Xoxo

Here is my set for the day: A Sense of Light and Time In all of these pictures I tried to play with the light source and (because of the whether) was able to get some great pictures!

Wednesday, November 28, 2012

The Journey, so far...



The past 4 (really 5 for me because I arrived a day early) have been so crazy, fun, exhausting, and great all at the same time. When I arrived in Paris, I had no idea what it would be like. I didn’t know if people spoke English at all and I would never have an idea of what was happening or even what the city would look like. I didn’t know what type of photographer I was and certainly had no idea of different techniques that we have learned. As the days evolved, I gained confidence in my ability to navigate the city and in my photography skills. Before this class started, I was a point and shoot picture taker. I would just take a picture and hope for the best. But now, I am starting to figure out how to deal with aperture and shutter speed to get the best lighting and am starting to get the hang of different exposure techniques. I am also using iPhoto editing for real now, not just pushing the enhance wand and letting it choose the changes for me…which I am very impressed at! This trip has been great not only for learning about photography but art in general. I have loved all of our trips to the museums even if we haven’t seen a lot of photography because it has made me think about what type of photographer/artist I want to be. What do I want my pictures to get across? What do I want the subject to be? Do I have a style? And every question makes me work harder at getting that one perfect photograph. I really loved Paris. It was absolutely beautiful with gorgeous architecture that photographed lovely but I am ready to take on London! If I have figured out and learned this much in just four days, I can’t wait to see what I am going to be able to do by Sunday!

Here is my set for the day: USA in the UK These pictures are all what I see (as the USA) in (or in route to) the UK. It shows my journey to the UK and what I saw while there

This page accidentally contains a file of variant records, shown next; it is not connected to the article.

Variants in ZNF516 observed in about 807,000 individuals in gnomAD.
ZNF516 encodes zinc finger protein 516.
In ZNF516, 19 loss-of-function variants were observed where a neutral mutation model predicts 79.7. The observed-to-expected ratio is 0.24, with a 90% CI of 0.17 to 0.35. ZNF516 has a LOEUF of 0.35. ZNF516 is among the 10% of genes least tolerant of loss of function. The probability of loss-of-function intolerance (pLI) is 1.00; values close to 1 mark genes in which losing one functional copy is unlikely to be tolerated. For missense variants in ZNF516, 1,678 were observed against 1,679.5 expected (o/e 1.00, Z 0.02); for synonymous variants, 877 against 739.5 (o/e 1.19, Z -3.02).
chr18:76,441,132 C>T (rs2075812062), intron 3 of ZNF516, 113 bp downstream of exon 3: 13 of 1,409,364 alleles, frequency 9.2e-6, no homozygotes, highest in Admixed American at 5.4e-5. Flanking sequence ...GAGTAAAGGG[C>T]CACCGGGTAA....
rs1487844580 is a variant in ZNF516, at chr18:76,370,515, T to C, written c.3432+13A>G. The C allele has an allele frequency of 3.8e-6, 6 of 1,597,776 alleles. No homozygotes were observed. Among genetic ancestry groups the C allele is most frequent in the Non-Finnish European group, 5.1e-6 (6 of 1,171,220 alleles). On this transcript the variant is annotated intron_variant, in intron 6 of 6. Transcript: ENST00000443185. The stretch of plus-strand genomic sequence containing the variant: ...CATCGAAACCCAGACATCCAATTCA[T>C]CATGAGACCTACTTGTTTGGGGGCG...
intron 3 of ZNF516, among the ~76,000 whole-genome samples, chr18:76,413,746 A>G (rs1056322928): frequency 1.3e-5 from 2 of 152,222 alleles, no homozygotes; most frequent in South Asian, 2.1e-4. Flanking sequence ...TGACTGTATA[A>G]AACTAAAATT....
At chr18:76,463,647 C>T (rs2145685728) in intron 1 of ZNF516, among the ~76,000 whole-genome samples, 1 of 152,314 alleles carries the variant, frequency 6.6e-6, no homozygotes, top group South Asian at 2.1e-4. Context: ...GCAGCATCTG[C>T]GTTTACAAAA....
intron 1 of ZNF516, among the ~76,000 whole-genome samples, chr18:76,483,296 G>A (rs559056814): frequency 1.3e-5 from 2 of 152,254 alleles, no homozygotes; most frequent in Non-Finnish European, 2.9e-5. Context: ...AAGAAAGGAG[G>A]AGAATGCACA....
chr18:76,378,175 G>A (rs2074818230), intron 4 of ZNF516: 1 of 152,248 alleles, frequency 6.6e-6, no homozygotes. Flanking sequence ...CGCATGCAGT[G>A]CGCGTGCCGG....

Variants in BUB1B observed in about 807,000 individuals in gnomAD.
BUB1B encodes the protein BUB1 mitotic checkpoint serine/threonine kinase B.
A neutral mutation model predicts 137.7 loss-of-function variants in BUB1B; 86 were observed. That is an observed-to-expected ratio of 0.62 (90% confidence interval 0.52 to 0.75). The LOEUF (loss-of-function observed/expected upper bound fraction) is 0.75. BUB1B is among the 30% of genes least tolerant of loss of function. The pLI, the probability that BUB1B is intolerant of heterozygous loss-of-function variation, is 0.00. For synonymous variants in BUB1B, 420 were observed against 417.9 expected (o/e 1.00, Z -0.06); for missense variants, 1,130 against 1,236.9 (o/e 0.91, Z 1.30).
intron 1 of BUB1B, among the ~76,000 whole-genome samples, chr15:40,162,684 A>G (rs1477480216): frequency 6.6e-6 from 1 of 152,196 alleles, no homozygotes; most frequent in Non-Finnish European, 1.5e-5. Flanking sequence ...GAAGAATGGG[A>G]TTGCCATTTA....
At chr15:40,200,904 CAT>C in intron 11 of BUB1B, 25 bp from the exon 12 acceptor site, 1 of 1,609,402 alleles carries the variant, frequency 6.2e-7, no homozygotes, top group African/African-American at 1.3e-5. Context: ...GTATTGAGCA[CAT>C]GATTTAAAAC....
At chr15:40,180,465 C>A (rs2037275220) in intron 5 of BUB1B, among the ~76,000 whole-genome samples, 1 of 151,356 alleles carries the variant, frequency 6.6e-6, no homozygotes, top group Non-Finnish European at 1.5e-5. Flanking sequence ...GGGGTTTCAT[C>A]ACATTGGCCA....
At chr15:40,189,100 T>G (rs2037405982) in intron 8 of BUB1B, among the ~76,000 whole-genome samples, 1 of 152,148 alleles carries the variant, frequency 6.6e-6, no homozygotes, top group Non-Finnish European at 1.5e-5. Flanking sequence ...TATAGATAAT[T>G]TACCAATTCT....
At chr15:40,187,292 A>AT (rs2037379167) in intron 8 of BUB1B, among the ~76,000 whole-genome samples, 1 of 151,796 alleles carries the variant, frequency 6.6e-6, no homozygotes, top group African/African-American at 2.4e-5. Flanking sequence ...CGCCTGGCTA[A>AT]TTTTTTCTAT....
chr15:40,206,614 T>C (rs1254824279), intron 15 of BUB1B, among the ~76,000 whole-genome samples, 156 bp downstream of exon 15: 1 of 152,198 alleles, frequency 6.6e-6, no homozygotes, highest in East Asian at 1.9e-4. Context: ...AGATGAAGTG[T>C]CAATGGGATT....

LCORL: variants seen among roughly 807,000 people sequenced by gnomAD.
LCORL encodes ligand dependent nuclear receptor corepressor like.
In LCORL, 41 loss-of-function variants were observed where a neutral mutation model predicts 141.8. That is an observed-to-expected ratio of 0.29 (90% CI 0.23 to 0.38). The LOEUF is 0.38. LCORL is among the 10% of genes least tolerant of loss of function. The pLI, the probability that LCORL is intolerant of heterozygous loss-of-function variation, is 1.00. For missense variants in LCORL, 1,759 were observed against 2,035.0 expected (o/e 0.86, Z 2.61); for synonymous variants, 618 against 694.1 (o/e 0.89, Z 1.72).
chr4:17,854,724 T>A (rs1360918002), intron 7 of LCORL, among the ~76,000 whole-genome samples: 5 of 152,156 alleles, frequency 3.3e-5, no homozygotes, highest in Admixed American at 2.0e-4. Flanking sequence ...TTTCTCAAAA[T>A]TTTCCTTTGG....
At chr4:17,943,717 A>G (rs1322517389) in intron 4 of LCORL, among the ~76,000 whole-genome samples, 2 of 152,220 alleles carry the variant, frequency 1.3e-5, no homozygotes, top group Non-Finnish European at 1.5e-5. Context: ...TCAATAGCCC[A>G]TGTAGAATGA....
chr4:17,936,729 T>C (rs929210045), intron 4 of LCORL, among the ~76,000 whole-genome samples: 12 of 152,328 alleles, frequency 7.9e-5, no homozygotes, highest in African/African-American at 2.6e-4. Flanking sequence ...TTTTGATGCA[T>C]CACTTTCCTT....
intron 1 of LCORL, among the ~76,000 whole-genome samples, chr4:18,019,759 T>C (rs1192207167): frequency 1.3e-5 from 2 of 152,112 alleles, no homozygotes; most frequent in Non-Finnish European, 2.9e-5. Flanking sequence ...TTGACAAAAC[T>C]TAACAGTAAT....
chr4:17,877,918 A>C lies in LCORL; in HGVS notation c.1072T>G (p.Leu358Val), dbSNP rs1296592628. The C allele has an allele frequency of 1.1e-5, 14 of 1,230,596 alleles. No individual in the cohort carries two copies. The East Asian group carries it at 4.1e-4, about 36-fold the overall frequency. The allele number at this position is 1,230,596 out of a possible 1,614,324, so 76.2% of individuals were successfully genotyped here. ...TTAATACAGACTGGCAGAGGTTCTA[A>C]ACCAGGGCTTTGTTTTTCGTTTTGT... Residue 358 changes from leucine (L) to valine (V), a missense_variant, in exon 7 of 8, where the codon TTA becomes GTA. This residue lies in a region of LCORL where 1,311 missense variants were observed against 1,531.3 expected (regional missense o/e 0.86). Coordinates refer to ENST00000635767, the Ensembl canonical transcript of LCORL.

Tuesday, November 27, 2012

Constructing Identity Through Photographs


Photographs are tidbits that a person can use to show their life. They can show their interests, what they do, what they like and virtually anything else about them. All the photographs that I am personally connected to are either about how I see the world or how the world sees me in a certain instant. If I am taking the picture, other people are able to see the world through my eyes and get my point of view which helps them understand me. If there is a photograph that I am in, it shows my relation to the world and how I interact with it. It shows in a certain instant, what I was like and how another viewed me. Allowing others to see these types of photographs lets them come up with their idea of what I am like which in turn helps me create my identity. Our identities are made up of reflections of how others view us and photographs creates that perception. Photographs also allow us to see what we look like to others in the world and so we can figure out how we present ourselves, what we are like and put together some of the pieces that make us one human being. The pictures in my set for today are of me, but mainly how I view the world, what I think is important or interesting and little things that are symbolic or representative of me and my life.